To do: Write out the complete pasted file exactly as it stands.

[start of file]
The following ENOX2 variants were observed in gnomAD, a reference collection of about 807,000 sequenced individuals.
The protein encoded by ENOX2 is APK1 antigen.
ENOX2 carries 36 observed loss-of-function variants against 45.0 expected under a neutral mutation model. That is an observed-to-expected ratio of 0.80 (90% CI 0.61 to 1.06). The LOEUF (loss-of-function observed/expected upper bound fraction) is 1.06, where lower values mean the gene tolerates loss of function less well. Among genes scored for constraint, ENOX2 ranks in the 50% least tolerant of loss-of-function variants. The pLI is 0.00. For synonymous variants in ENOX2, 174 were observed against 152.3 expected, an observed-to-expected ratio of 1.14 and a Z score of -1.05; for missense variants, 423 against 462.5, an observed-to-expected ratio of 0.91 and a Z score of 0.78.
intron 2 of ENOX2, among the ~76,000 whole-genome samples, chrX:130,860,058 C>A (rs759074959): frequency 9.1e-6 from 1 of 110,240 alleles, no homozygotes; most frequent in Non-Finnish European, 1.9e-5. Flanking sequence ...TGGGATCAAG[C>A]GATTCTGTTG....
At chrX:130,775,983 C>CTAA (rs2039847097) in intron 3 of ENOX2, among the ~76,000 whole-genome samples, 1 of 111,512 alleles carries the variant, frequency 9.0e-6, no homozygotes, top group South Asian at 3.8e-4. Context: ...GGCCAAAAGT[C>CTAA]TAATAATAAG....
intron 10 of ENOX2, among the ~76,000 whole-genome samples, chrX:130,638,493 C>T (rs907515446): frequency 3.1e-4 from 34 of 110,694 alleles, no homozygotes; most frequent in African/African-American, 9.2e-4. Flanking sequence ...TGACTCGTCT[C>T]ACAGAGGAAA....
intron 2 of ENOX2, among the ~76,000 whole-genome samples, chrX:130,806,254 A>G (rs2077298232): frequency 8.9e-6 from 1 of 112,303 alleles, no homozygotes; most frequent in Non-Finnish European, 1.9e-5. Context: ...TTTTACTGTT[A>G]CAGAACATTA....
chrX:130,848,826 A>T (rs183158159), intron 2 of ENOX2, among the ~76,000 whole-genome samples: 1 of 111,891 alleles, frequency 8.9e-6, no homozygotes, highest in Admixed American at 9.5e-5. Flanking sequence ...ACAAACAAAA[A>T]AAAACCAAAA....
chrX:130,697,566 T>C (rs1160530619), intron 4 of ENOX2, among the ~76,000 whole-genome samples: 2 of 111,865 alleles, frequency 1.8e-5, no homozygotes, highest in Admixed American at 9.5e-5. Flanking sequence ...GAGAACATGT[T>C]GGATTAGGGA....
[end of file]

The following ENOX2 variants were observed in gnomAD, a reference collection of about 807,000 sequenced individuals.
The protein encoded by ENOX2 is APK1 antigen.
ENOX2 carries 36 observed loss-of-function variants against 45.0 expected under a neutral mutation model. That is an observed-to-expected ratio of 0.80 (90% CI 0.61 to 1.06). The LOEUF (loss-of-function observed/expected upper bound fraction) is 1.06, where lower values mean the gene tolerates loss of function less well. Among genes scored for constraint, ENOX2 ranks in the 50% least tolerant of loss-of-function variants. The pLI is 0.00. For synonymous variants in ENOX2, 174 were observed against 152.3 expected, an observed-to-expected ratio of 1.14 and a Z score of -1.05; for missense variants, 423 against 462.5, an observed-to-expected ratio of 0.91 and a Z score of 0.78.
intron 2 of ENOX2, among the ~76,000 whole-genome samples, chrX:130,860,058 C>A (rs759074959): frequency 9.1e-6 from 1 of 110,240 alleles, no homozygotes; most frequent in Non-Finnish European, 1.9e-5. Flanking sequence ...TGGGATCAAG[C>A]GATTCTGTTG....
At chrX:130,775,983 C>CTAA (rs2039847097) in intron 3 of ENOX2, among the ~76,000 whole-genome samples, 1 of 111,512 alleles carries the variant, frequency 9.0e-6, no homozygotes, top group South Asian at 3.8e-4. Context: ...GGCCAAAAGT[C>CTAA]TAATAATAAG....
intron 10 of ENOX2, among the ~76,000 whole-genome samples, chrX:130,638,493 C>T (rs907515446): frequency 3.1e-4 from 34 of 110,694 alleles, no homozygotes; most frequent in African/African-American, 9.2e-4. Flanking sequence ...TGACTCGTCT[C>T]ACAGAGGAAA....
intron 2 of ENOX2, among the ~76,000 whole-genome samples, chrX:130,806,254 A>G (rs2077298232): frequency 8.9e-6 from 1 of 112,303 alleles, no homozygotes; most frequent in Non-Finnish European, 1.9e-5. Context: ...TTTTACTGTT[A>G]CAGAACATTA....
chrX:130,848,826 A>T (rs183158159), intron 2 of ENOX2, among the ~76,000 whole-genome samples: 1 of 111,891 alleles, frequency 8.9e-6, no homozygotes, highest in Admixed American at 9.5e-5. Flanking sequence ...ACAAACAAAA[A>T]AAAACCAAAA....
chrX:130,697,566 T>C (rs1160530619), intron 4 of ENOX2, among the ~76,000 whole-genome samples: 2 of 111,865 alleles, frequency 1.8e-5, no homozygotes, highest in Admixed American at 9.5e-5. Flanking sequence ...GAGAACATGT[T>C]GGATTAGGGA....